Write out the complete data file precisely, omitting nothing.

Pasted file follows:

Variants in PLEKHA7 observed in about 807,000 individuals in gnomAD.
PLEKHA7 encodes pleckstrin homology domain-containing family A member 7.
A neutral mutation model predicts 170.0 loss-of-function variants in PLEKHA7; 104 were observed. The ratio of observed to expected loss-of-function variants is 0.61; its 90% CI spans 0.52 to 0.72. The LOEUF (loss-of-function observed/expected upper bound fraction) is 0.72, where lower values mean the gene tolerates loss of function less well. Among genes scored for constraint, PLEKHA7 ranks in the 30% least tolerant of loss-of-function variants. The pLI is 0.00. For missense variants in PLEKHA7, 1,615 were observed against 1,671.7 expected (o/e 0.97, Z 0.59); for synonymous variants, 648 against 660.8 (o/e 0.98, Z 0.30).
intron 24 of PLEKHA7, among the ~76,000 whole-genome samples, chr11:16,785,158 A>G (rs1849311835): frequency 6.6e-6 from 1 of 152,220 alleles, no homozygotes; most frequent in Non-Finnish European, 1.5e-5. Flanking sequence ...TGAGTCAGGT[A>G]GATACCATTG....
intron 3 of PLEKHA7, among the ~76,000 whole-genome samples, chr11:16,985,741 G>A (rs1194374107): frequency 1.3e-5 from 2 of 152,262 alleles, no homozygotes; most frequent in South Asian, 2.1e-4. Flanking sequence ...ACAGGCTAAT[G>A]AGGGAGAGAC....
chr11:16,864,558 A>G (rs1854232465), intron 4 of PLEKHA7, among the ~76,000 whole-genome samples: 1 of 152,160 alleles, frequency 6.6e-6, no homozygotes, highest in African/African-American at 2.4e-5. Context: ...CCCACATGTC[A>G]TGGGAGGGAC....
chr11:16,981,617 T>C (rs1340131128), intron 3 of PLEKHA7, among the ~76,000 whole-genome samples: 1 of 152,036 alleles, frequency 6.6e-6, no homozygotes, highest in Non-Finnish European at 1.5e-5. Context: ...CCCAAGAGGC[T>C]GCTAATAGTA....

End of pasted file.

Variants in PLEKHA7 observed in about 807,000 individuals in gnomAD.
PLEKHA7 encodes pleckstrin homology domain-containing family A member 7.
A neutral mutation model predicts 170.0 loss-of-function variants in PLEKHA7; 104 were observed. The ratio of observed to expected loss-of-function variants is 0.61; its 90% CI spans 0.52 to 0.72. The LOEUF (loss-of-function observed/expected upper bound fraction) is 0.72, where lower values mean the gene tolerates loss of function less well. Among genes scored for constraint, PLEKHA7 ranks in the 30% least tolerant of loss-of-function variants. The pLI is 0.00. For missense variants in PLEKHA7, 1,615 were observed against 1,671.7 expected (o/e 0.97, Z 0.59); for synonymous variants, 648 against 660.8 (o/e 0.98, Z 0.30).
intron 24 of PLEKHA7, among the ~76,000 whole-genome samples, chr11:16,785,158 A>G (rs1849311835): frequency 6.6e-6 from 1 of 152,220 alleles, no homozygotes; most frequent in Non-Finnish European, 1.5e-5. Flanking sequence ...TGAGTCAGGT[A>G]GATACCATTG....
intron 3 of PLEKHA7, among the ~76,000 whole-genome samples, chr11:16,985,741 G>A (rs1194374107): frequency 1.3e-5 from 2 of 152,262 alleles, no homozygotes; most frequent in South Asian, 2.1e-4. Flanking sequence ...ACAGGCTAAT[G>A]AGGGAGAGAC....
chr11:16,864,558 A>G (rs1854232465), intron 4 of PLEKHA7, among the ~76,000 whole-genome samples: 1 of 152,160 alleles, frequency 6.6e-6, no homozygotes, highest in African/African-American at 2.4e-5. Context: ...CCCACATGTC[A>G]TGGGAGGGAC....
chr11:16,981,617 T>C (rs1340131128), intron 3 of PLEKHA7, among the ~76,000 whole-genome samples: 1 of 152,036 alleles, frequency 6.6e-6, no homozygotes, highest in Non-Finnish European at 1.5e-5. Context: ...CCCAAGAGGC[T>C]GCTAATAGTA....